Kingston Uni Research To Prompt HPV Vaccinations

Research by Kingston University professor Giampiero Favato has contributed to the imminent United Kingdom government decision to extend the national HPV vaccination programme toinclude adolescent boys.

The Joint Committee of Vaccinations and Immunisations (JCVI), which looks at the financial implications of public health programmes, has advised government that immunising boys as well as girls against HPV is a cost-effective option for improving public health.

Professor Favato – Director of the Institute for Leadership and Management in Health – modelled the complexities of human sexual behaviour and the impact this could have on the transmission of HPV. The results demonstrated the limitations of previous research in to the cost-effectiveness of HPV vaccination and raised the concern that public healthcare policy might have been built upon incomplete studies. His research was published on Vaccine, the most authoritative scientific journal in the field of public health immunisation.

HPV stands for Human Papilloma Virus. It is one of a group of viruses affecting the body’s moist membranes. High-risk strains of HPV could cause cervical cancer, Professor Favato explained, with more than eight women per day being diagnosed with this in the United Kingdom.

“This is why 12-year-old girls are vaccinated against HPV but what most people don’t realise is that HPV can also lead to cancer of the mouth, throat, penis and anus – so only vaccinating girls has been putting boys and men at risk,” he said. “Now that the JCVI has positively recommended this course of action, the Government is likely to approve its implementation and hopefully boys in England will begin to be vaccinated against HPV in 2019.”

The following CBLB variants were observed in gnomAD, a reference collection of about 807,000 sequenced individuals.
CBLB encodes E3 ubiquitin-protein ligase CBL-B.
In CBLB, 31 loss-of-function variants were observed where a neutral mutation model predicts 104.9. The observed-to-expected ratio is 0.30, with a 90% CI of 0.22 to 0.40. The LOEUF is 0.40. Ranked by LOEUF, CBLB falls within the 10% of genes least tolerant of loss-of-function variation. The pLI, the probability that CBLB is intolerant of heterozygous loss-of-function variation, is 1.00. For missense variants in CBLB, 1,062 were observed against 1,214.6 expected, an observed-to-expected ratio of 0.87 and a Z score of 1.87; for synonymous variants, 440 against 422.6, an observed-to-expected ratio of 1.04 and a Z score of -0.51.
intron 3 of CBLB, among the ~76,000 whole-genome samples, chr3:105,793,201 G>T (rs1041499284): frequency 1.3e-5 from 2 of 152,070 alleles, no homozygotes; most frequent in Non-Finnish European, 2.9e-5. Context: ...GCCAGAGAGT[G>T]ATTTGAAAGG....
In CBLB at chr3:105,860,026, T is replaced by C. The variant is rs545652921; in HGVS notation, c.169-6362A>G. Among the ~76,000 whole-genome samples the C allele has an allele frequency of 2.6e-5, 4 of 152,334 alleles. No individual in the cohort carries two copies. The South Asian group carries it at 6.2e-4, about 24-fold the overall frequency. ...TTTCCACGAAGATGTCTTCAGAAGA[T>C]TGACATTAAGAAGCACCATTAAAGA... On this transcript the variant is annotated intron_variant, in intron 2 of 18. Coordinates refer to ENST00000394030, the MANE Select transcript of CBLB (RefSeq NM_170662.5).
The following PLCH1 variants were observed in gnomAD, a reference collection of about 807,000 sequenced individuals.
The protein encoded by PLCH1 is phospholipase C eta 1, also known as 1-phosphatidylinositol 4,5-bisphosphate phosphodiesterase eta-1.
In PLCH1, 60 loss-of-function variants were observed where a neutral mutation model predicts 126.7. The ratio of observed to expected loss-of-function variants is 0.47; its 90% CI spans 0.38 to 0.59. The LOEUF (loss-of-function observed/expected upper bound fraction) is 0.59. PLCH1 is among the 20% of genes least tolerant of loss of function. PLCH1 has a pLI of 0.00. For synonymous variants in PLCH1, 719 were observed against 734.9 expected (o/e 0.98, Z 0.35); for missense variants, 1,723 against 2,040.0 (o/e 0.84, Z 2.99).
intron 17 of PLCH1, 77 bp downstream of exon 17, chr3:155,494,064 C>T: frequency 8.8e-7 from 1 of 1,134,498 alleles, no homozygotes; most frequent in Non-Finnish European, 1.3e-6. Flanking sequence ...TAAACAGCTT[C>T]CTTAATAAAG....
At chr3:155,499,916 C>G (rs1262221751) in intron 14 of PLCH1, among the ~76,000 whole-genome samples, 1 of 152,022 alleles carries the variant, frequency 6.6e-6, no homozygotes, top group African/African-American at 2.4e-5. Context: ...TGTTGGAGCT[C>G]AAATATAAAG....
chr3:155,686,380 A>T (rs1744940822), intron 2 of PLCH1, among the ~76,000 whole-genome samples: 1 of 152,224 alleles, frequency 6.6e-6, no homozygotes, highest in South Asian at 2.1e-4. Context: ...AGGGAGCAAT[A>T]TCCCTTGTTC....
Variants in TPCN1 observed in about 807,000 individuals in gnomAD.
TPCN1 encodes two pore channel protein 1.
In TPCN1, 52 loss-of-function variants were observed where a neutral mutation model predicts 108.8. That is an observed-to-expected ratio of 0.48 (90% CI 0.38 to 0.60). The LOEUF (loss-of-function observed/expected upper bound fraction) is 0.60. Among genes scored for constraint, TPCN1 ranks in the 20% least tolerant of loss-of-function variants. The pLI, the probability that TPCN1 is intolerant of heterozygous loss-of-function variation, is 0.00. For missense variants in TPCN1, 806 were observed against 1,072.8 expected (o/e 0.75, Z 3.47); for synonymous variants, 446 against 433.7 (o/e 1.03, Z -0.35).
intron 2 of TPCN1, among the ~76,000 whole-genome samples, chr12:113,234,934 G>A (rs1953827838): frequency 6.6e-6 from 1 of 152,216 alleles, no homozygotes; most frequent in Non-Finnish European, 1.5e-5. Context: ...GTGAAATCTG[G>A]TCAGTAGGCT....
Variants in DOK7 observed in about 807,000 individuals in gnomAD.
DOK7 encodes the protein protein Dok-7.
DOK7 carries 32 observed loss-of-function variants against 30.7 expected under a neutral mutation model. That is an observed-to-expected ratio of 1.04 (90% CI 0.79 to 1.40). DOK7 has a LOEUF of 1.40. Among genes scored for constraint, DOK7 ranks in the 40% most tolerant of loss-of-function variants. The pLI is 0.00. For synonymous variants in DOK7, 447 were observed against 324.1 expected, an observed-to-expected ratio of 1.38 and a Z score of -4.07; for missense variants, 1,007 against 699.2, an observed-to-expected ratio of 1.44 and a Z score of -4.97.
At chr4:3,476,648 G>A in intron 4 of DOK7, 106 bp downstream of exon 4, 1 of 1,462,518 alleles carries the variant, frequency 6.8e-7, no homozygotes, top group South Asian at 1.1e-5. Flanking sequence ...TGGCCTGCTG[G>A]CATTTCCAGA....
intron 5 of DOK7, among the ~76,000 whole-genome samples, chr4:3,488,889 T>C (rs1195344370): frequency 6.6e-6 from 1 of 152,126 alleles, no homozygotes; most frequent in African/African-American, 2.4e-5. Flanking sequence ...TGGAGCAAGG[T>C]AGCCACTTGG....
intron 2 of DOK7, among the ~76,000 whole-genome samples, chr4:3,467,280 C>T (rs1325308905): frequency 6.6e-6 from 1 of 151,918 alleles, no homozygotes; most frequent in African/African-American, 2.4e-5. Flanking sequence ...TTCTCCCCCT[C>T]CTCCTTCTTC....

Scotland and Wales had already announced that they would be implementing vaccination for boys by next year, Professor Favato added. “Once England follows suit, almost 400,000 boys a year in the UK will be protected against the virus,” he said. “This will make a significant impact on the future public health of UK citizens.”

Campaign Director for HPV Action – a collaborative partnership of 51 patient and professional organisations that advocates HPV vaccination for both boys and girls – said the organisation could not have made the impact it had without Professor Favato’s energy and expertise. “Just when we needed a health economist on our side, Giampiero was sent to us,” he added. Professor Favato provided data and advice when he joined HPV Action at two consultation meetings with Public Health England and one at Westminster with Minister of Public Health Steven Brine.

Previous research by Professor Favato provided to the Italian Agency for Drug Approval led directly to the Italian Government launching a gender-neutral vaccination programme last year. He also presented at the European parliament in Brussels during the 9th Gender Summit Europe Conference in 2016.

“There are now 20 countries vaccinating boys against HPV and, after Italy, the UK is going to be the second in the G8 to do this,” Professor Favato said. “We want to learn from the experiences of the UK and Italy so we can persuade other countries to adopt this policy – in the hope that one day we will have an HPV-free world.”


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